Dr Ron Daniels, the creator of the UK Sepsis Trust, shared an article on the difficulty of spotting Sepsis at any age, let alone young. He prompts parents to pop the question themselves, as they would know their children better than healthcare professionals. The article details how Rachael Pedrick managed to save her one-year-old daughter Holly, by storming into GP surgery after eight hours since waiting for an appointment.

Holly was suffering from flu symptoms such as diarrhoea, vomiting, and sticky eyes.

Username: Dr Ron Daniels

Twitter handle: @SepsisUK

Retweets: 109

Likes: 199

6. Ian Mackay’s tweet on the global tally of the suspected coronavirus infected

Ian Mackay, a virologist and scientist, tweeted on the number of suspected cases of the coronavirus worldwide. He stated that approximately 217 cases were registered from China, which included 198 from Wuhan, 14 from Guangdong, and five from Beijing. He also tweeted that Thailand reported two cases, while Japan and South Korea one each.

Username: Ian M Mackay

Twitter handle: @MackayIM

Retweets: 130

Likes: 131

7. Tara Smith’s tweet on the Marburg virus being found in Sierra Leone bats

Dr Tara C Smith, and infectious diseases epidemiologist and writer, shared an article on the Marburg virus, which can cause haemorrhagic fever, to be present in fruit bats in Sierra Leone. The article also stated that it was the first time that the Marburg virus was detected in West Africa.

Like the Ebola virus, Marburg can be fatal and has the potential to spread to humans. The virus was detected in eleven Egyptian rousette bats, which typically feed on fruits. Infected bats contaminate the fruits with the release of the virus through their saliva, urine and feces.

Username: Dr Tara C Smith

Twitter handle: @aetiology

Retweets: 94

Likes: 149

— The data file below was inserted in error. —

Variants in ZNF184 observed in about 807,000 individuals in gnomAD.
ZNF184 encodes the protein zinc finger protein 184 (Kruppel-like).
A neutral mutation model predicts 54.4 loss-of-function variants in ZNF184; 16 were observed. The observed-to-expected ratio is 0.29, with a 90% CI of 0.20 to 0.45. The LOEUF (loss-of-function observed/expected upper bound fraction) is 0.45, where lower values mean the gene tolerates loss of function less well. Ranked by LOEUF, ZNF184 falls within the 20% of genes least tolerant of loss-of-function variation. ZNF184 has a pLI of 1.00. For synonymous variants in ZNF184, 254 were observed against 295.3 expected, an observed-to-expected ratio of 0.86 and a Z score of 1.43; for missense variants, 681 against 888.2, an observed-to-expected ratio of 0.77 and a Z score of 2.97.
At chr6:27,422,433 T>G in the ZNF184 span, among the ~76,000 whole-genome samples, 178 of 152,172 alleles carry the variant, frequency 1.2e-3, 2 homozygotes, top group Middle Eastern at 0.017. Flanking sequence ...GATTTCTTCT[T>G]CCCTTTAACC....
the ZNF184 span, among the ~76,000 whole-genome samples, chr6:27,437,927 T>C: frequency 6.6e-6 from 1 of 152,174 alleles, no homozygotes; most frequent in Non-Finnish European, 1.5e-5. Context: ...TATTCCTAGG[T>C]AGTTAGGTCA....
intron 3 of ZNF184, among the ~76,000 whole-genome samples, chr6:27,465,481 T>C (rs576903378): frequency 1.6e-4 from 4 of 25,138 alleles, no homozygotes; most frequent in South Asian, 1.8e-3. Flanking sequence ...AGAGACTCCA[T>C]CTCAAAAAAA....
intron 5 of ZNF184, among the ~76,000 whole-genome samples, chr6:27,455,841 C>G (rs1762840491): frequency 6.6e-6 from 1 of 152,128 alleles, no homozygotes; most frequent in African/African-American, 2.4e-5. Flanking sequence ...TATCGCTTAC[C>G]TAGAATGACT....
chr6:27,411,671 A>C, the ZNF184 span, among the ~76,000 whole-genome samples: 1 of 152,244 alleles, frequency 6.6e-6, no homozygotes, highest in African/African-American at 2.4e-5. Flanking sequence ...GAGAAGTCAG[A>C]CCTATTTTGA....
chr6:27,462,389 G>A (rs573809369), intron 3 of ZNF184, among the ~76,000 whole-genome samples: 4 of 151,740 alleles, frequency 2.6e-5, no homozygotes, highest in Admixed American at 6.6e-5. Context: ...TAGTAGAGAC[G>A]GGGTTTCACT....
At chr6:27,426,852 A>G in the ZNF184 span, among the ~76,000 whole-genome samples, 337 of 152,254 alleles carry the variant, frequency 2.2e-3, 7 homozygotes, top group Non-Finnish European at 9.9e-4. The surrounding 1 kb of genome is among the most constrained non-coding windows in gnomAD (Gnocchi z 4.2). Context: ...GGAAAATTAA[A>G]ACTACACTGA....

8. Maia Majumder’s tweet on infection control

Maia Majumder, a Harvard Medical School faculty, tweeted that planning, preparedness, and infection control can bring an outbreak of a moderate R_0 disease under control without vaccines. Therefore, R_0 estimates for the coronavirus points at the need for more action than panic.

In an earlier tweet, Maia mentioned that the R_0 estimates for SARS are 2 to 5, while only 1.3 on an average for seasonal flu.

Username: Dr Maia Majumder

Twitter handle: @maiamajumder

Retweets: 92

Likes: 232

9. Muge Cevik’s tweet on human-to-human transmission of the coronavirus

Dr Muge Cevik, a virology clinician and researcher, shared an article on how the findings of five infected patients of a family presented some unusual results. The report suggested that the coronavirus had an incubation period of three to six days. The report also confirmed human-to-human transmission after a family returned to Shenzhen after contracting the virus from their relatives in Wuhan.

Username: Dr Muge Cevik

Twitter handle: @mugecevik

Retweets: 89

Likes: 135

10. Seth Berkley’s tweet on fighting vaccine sceptics in Italy

Seth Berkley, an infectious diseases epidemiologist, shared an article on how vaccines are regaining their importance in present times. The influencer further stated that four years ago, googling the word ‘vaccine’ in Italy would throw a list of antivaccination groups, but today it directs users to WHO sites.

Seth states that one of these great reads are the ‘Burioni effect’, a virologist who has evolved from a professor to a celebrity for fighting vaccine sceptics. The Italian government has always maintained that vaccines are safe. However, a number of scandals have marred its use.

Username: Seth Berkley

Twitter handle: @GaviSeth

Retweets: 86

Likes: 300